I expressed surprise at the rude comments because I’d totally tuned them out. I had been enjoying myself, and rude comments hadn’t registered. She was surprised that I could do this, and I assured her that it’s a very handy skill.

Transphobia at a Classic American Muscle Car Show

Classic American muscle car shows tend to be another macho-guy event. Problem is, I really like these cars. I like 1960s culture, and that isn’t limited to me playing Simon & Garfunkel music on my guitar and watching 1960s TV shows.

My fascination includes 1960s car culture, including 1960s American cars, to the point where I can tell you the difference between a 1965 Ford Mustang and the 1966 model.  I can discuss cubic inches as to the various engines used, and I could probably tell you a 10-minute story about almost every model of American muscle car made in the 1960s.  I personally enjoyed owning a high-performance Plymouth Barracuda at some point. Part of the reason why I like my Ford E-150 van so much is that it has a Windsor 302 V8.  I could go on and on …

So, today, when there was a classic car show in the small town where I live, just east of Reno … of course I went. I enjoyed it very much.


Were there macho guys there? I don’t doubt it, but I didn’t notice any. I chatted with a nice lady who came up to me and said hello — and apart from that, my focus was on enjoying the pretty cars.

If I inspired any macho-guy insecurity and thus goofy behavior, I didn’t notice any– neither by seeing nor hearing anything.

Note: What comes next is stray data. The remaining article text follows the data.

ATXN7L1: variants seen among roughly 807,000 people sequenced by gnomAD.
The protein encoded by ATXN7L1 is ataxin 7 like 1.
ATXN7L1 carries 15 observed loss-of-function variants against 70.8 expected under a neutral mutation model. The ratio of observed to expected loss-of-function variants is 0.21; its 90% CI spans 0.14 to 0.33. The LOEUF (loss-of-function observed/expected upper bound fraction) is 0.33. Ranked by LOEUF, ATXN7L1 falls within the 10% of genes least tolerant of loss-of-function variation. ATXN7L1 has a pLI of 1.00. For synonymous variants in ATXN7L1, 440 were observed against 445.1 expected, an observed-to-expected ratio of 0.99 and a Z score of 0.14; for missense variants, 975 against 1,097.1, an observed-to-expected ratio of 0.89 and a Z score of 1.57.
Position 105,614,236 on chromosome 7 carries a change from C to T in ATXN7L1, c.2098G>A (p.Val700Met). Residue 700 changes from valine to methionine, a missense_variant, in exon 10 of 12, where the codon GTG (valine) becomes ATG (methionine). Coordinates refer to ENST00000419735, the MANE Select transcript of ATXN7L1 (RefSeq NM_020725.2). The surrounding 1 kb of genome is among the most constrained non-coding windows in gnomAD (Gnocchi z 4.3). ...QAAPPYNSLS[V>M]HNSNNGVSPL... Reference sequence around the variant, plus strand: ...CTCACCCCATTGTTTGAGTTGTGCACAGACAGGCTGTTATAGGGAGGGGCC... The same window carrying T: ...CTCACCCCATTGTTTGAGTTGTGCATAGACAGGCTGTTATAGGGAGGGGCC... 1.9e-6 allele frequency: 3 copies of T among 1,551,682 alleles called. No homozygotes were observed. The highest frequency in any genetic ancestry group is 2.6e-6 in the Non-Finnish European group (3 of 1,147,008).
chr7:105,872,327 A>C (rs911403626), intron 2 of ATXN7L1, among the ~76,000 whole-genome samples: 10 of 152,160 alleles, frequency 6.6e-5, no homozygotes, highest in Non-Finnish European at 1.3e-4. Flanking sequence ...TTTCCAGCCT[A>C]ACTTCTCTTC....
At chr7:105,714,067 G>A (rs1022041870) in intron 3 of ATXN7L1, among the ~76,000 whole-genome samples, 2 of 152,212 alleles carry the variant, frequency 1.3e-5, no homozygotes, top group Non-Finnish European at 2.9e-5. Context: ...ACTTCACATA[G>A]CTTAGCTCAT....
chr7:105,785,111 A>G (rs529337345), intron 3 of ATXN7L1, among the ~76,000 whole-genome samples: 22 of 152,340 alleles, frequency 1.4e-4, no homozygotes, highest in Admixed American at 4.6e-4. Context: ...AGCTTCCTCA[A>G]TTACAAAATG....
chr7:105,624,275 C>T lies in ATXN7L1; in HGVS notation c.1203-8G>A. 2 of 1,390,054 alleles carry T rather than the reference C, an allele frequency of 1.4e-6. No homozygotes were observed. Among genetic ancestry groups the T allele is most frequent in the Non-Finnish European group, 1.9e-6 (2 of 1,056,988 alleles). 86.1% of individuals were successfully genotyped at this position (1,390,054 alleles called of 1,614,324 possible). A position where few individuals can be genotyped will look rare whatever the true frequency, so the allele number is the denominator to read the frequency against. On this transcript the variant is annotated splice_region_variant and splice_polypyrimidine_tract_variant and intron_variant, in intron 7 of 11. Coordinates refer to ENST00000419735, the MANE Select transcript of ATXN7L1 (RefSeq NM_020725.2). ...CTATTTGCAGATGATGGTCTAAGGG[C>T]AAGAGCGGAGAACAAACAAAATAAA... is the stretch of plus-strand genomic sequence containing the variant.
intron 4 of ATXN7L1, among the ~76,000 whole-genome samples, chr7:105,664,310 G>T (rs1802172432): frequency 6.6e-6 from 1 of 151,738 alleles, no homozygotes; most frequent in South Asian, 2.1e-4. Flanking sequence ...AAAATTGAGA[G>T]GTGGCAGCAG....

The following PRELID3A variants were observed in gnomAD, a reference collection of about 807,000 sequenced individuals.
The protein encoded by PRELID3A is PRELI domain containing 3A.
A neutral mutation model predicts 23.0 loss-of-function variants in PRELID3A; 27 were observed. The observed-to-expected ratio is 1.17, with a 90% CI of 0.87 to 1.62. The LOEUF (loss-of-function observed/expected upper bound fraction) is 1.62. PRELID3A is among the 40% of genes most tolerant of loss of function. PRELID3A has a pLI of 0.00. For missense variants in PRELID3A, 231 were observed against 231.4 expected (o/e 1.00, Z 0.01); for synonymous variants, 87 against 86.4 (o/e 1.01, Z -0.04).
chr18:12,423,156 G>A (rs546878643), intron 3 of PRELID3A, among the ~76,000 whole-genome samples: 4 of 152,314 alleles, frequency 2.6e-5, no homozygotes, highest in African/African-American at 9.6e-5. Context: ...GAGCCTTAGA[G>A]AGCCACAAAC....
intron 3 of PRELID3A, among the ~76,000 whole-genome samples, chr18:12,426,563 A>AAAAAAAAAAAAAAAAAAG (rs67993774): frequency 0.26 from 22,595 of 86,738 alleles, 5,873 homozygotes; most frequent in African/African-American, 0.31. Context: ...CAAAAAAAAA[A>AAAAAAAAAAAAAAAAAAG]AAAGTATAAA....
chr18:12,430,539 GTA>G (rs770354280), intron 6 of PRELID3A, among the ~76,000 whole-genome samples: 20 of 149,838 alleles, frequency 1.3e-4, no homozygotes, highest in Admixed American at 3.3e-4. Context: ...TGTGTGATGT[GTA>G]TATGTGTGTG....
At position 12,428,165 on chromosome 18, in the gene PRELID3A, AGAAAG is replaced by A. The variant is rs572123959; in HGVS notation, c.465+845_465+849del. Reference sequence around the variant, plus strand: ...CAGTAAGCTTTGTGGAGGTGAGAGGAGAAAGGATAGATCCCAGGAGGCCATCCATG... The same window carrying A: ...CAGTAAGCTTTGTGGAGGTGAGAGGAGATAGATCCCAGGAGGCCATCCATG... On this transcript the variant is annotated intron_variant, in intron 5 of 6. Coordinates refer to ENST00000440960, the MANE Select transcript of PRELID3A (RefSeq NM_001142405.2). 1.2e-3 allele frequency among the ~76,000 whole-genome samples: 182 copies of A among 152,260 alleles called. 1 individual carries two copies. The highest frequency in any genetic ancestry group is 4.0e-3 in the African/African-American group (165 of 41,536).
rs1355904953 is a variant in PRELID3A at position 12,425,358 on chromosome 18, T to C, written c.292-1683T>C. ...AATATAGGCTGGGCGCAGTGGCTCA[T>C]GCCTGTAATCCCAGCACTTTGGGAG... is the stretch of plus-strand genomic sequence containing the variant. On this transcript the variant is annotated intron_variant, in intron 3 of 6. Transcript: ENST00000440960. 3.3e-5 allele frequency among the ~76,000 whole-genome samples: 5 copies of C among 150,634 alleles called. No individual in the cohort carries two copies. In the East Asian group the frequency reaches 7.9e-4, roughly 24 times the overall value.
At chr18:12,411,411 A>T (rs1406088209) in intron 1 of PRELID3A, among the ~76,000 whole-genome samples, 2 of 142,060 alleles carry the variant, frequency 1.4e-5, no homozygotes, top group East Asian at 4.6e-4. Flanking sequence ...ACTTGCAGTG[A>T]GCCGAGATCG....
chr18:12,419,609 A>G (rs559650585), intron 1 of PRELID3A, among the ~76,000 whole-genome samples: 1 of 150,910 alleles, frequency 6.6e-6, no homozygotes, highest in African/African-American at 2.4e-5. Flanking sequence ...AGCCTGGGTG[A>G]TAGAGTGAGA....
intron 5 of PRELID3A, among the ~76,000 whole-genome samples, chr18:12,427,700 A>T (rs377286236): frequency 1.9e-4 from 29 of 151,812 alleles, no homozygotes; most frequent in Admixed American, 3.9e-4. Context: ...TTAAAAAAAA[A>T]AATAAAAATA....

I’d just bought a nice new dress today, and I was feeling especially elegant, and so I set up my camera and took a few selfies. When I came home later, I processed these pictures, as in: cropped out irrelevant things around the periphery, and straightened skewed shots.

To my surprise, in the picture that I placed at the top of today’s article, in the lower left corner, is a guy behaving in a rather undignified way, with his focus clearly on me, and with his macho buddies nearby. Here are the enlarged views:



I have no idea who this guy is. Perhaps he just randomly behaves like that sometimes, or perhaps it’s a photo-bomb mindset. The latter had to be explained to me since I didn’t grow up in US culture. I gather that part of the macho mindset is malice reserved for someone taking a general picture, and the agenda is simply to ruin the ambiance of the picture.  So, could be that this guy is just generally being rude, not targeting trans girls.  Who knows …

If it’s transphobic behavior perhaps he’s just outed himself … in which case: thank you, Sir. I appreciate the compliment. I did indeed look quite nice today.

Either way, it was nice to not even be aware of this person until much later, and then only by coincidence..